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Using Written Resources

Using Libraries

Using Libraries in Person

Reading Skills

Different Methods of Reading

Finding out your Reading Speed

Note Taking

Writing a Research Report











The Learning Game

Researching and Writing Assignments

Doing research and writing assignments are two of the most important skills you will need for tertiary study. Firstly, researching information and secondly writing the assignment.
Apart from writing assignment these same research skills are very useful for a range of other tasks like:

  • finding out about a specific area of your subject in more detail
  • preparing for exams
  • broadening your knowledge of a subject.


There are roughly 5 steps involved in researching information (depending on the nature of the task).

 1. Analyze

 2. Find

3. Use

 4. Take notes

 5. Organize

1. Analyze

First clarify what specifically you are going to be doing and why. If preparing for an assignment, be sure that you understand what is required. Many markers suggest that students do not pay careful enough attention to the topic.

  • Examine the question carefully.
  • Do you understand what is being asked? Is the topic clear to you?
  • What approach is required? Examine the direction word carefully. There is a difference in approach between being asked to "Discuss", "Compare", "Analyze" or "Describe". Make sure you do what is asked.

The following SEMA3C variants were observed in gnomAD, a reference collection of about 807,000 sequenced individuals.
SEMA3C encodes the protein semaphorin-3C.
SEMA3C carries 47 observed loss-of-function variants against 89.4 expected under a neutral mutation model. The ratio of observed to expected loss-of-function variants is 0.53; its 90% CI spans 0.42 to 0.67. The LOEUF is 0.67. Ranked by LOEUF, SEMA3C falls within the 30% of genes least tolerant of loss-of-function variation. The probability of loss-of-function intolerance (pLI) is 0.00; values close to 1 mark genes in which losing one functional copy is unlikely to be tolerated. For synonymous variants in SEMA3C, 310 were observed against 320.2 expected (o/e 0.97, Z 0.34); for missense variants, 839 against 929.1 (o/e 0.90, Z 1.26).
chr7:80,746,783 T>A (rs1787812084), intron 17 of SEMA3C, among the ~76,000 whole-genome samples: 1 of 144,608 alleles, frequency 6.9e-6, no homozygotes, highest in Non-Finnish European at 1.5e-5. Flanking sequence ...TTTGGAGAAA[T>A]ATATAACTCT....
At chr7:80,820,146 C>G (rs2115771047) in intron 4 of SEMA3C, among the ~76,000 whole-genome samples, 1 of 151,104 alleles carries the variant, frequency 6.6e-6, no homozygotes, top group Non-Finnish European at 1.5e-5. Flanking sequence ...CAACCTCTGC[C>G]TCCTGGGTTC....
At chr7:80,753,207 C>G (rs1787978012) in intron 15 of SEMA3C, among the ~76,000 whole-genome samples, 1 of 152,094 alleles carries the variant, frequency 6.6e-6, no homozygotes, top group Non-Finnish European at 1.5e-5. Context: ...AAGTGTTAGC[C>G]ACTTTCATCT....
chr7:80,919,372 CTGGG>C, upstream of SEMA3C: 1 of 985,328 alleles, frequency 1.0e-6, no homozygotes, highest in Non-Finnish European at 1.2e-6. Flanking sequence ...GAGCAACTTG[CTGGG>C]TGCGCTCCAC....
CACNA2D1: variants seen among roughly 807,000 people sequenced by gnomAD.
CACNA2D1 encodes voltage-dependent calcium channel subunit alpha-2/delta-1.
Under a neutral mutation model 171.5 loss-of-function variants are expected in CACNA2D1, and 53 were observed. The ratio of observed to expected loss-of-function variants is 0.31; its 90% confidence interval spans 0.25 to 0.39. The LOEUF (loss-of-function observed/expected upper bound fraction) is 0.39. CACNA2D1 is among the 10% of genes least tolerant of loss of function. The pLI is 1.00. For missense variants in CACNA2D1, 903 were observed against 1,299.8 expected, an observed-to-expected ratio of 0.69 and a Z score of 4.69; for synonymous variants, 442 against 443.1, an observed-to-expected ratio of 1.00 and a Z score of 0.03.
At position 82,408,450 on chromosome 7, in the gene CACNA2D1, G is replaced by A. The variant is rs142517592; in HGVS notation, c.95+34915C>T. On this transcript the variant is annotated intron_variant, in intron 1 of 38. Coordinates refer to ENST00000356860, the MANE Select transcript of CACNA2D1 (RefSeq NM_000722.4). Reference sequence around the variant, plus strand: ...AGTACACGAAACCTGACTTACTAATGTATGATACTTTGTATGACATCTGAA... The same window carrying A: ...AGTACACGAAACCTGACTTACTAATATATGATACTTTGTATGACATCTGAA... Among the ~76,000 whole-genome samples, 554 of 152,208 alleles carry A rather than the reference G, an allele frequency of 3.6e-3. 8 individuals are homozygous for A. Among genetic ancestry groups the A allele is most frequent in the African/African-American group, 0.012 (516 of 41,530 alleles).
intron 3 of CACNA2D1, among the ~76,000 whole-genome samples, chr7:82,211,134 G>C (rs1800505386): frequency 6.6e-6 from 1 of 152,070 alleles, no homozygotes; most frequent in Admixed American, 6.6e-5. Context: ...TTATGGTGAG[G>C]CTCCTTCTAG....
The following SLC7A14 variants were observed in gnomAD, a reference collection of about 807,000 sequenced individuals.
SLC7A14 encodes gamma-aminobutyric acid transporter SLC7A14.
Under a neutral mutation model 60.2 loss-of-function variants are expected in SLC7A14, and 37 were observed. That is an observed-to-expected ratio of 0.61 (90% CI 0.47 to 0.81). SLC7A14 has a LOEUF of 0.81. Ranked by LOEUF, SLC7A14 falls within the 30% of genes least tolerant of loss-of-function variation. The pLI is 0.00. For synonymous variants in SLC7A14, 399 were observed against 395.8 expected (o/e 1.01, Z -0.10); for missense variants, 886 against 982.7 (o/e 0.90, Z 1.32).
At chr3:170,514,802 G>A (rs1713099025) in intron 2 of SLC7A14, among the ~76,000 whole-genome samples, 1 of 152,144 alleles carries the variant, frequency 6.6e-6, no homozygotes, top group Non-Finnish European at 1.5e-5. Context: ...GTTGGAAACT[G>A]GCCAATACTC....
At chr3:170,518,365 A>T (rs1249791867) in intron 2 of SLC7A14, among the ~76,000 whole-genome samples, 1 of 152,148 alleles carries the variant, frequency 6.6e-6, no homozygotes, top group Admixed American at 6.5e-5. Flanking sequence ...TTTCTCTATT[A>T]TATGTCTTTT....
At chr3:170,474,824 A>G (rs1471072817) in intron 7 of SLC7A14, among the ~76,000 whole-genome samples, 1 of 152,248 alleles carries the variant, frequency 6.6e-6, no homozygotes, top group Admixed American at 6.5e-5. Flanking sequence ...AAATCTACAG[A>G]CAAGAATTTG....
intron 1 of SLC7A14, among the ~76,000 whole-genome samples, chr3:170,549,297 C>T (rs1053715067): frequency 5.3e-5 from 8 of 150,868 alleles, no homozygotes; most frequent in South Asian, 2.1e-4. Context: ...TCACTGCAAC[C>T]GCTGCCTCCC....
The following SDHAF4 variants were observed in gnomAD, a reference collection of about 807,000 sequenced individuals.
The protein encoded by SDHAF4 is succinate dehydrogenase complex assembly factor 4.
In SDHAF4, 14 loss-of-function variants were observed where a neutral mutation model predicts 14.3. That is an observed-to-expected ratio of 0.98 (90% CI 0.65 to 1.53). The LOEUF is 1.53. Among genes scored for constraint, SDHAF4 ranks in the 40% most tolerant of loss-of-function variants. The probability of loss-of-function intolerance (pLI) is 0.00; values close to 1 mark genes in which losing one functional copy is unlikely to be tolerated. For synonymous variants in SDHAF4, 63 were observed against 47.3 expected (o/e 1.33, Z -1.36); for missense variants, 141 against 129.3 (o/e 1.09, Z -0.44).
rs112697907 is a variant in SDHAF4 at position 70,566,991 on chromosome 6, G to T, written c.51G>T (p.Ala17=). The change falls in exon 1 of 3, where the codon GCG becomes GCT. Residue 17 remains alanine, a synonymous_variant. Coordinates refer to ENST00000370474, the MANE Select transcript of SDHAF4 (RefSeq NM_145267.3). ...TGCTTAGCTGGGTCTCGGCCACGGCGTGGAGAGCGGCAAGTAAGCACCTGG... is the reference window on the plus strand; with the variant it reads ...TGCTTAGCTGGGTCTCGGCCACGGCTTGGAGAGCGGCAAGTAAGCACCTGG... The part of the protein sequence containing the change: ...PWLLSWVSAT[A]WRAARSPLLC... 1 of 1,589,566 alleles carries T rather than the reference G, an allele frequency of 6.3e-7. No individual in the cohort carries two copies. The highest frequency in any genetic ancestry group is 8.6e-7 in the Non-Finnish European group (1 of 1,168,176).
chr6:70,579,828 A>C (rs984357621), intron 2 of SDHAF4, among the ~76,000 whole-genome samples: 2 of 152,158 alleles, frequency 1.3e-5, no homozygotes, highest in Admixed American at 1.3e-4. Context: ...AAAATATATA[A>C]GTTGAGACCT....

• Are you expected to do some research or simply work with your study guide material?
  • What format is expected? All teachers have special requirements about the way assignments are presented. Make sure you know what these are.
  • Are you expected to write an evaluative report or a formal essay? The format you choose at the beginning should reflect these requirements.
  • Are you expected to write in the first or the third person? How formal should your approach be?

2. Find

Once you have analyzed what is needed you should have a clearer idea of where to find information. There may be enough information in your study guides to complete the assignment. You may, however, need to get some books from the library. Some institutions offer postal services, so that students can borrow books from the institution's library by post. If this service is offered, use it. You will be surprised at how efficient many libraries are. See Using Libraries for more information.

3. Use

More often than not you will find that you have more information than you either need or can read. You will not have enough time to read everything on the subject so the secret is to be selective. Scan each book or journal first to get a quick overview of what is covered. This will enable you to prioritize your reading and you will be able to avoid reading superfluous material.

4. Take Notes

Whether you are preparing for an assignment or simply broadening your knowledge, the notes you take should be relevant to the task. If you are taking notes for exams, for example, they can be broad overviews with little detail. But if you taking notes for an assignment. be more careful about where ideas came from and be careful to take all quotations down accurately.
See Note-Taking

5. Organize

You will be able to use the same information gathered for writing an assignment or for exam revision. But, the only way notes are going to help you learn anything is if you review and organize them soon after you've made them. Up to 60% of detail can be forgotten in the first 24 hours after first learning something. If you return to your notes within this critical time you will vastly improve your chances of remembering and learning the information. Any comments you have made or any summaries will still be fresh in your mind. You will now be able to expand any section or clarify obscure references. This will also give you an opportunity to integrate ideas. This revision period is when most of the real learning takes place.

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The page was designed and edited in May 1998 by Karl Mair.